BY Lindsay Owens Times Herald
The Washington Times-Herald
---- — Community members had a rare chance to meet with a New York Times best-selling author Saturday during two events. Tess Gerritsen, author of “The Bone Garden” as well as the book series that inspired the hit television show “Rizzoli and Isles” stopped in town to discuss her book that was selected as the reading for One Book One Community. Gerritsen, who is currently on a 14-day book tour through Indiana, met with guests at a dinner in her honor Saturday before speaking at a free event in the Washington High School auditorium.
“We feel very lucky that such a well known author was excited about participating in our One Book One Community event,” said Rick Chambon adult program and outreach manager for the library.
Gerritsen said she was approached by the Bartholomew County Public Library some time ago about speaking at one of their functions. At the time, she asked their librarian if she thought there may be other small libraries in the state that would be interested in a speaking event as well. Within a handful of days, over 20 requests for Gerritsen had been made.
The charming and witty author whose books have been published in over 40 countries, spoke briefly at the dinner before discussing her book, writing processes and what inspires her writing for over 100 audience members at the high school.
“I’m sure you are all wondering why I wanted to come to small town libraries,” said Gerritsen, before the start of the dinner at the library. “My publicist usually sends me to large libraries but I’ve tried to point out that we usually have more passionate readers and a better turn out in small towns. I love small towns and I’ve always loved the library.”
Gerritsen and her husband, Jacob who accompanied her on the tour through Indiana, live in a tiny town in Maine that boasts about 500 residents.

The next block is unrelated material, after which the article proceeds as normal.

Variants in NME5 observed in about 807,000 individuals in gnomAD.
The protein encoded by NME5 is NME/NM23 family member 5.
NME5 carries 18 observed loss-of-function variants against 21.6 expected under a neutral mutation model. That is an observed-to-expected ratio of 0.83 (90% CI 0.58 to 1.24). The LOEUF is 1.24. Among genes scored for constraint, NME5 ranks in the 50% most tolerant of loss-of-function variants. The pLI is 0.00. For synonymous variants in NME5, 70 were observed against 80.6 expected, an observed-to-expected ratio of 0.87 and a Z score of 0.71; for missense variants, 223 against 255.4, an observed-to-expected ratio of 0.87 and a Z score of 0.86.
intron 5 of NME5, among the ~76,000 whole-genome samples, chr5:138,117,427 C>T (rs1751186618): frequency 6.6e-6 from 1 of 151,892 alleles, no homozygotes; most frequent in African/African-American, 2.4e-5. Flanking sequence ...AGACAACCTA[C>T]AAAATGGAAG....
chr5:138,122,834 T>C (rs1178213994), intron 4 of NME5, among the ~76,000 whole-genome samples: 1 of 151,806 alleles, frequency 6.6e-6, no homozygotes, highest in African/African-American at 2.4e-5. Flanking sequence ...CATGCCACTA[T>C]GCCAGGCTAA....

“Her talk at the high school was both informative and offered great insight into how she gets her inspiration for her novels,” said Chambon.
A now retired physician, Gerritsen first knew she wanted to be a writer at the tender age of 7 but her father had other plans for her. “He told me to go into the sciences so I did and I became a doctor,” she said. “I’ve always loved science and mysteries.”
So after five years in medicine, Gerritsen picked up a pen and started writing while on maternity leave with her son. “I would write a page or two while he was sleeping.”
Best known for her medical and forensic thrillers, Gerritsen’s first published book was a Harlequin romance of sorts. “The publisher called me and asked if I knew how many victims I had in “Call After Midnight”. There were 13 and the told me that was record for Harlequin books. They’d never had that many victims before,” Gerritsen said with a chuckle.
After that, she switched gears and began writing thrillers.
“I’d always loved “Nancy Drew” and horror books and movies. I can blame my mom for that,” Gerritsen said grinning ear to ear. Gerritsen’s mother, a Chinese immigrant, understood little English. “But I think I probably saw every horror movie ever made. Mom could always understand those.”
Gerritsen said when her mother would read her books and her response in most cases was,”It could be scarier”.
“We were very pleased with how gracious Tess was at the dinner and that she is such a warm and welcoming person,” said Chambon.
She continues her tour through Indiana today with stops in Mooresville and Greenwood.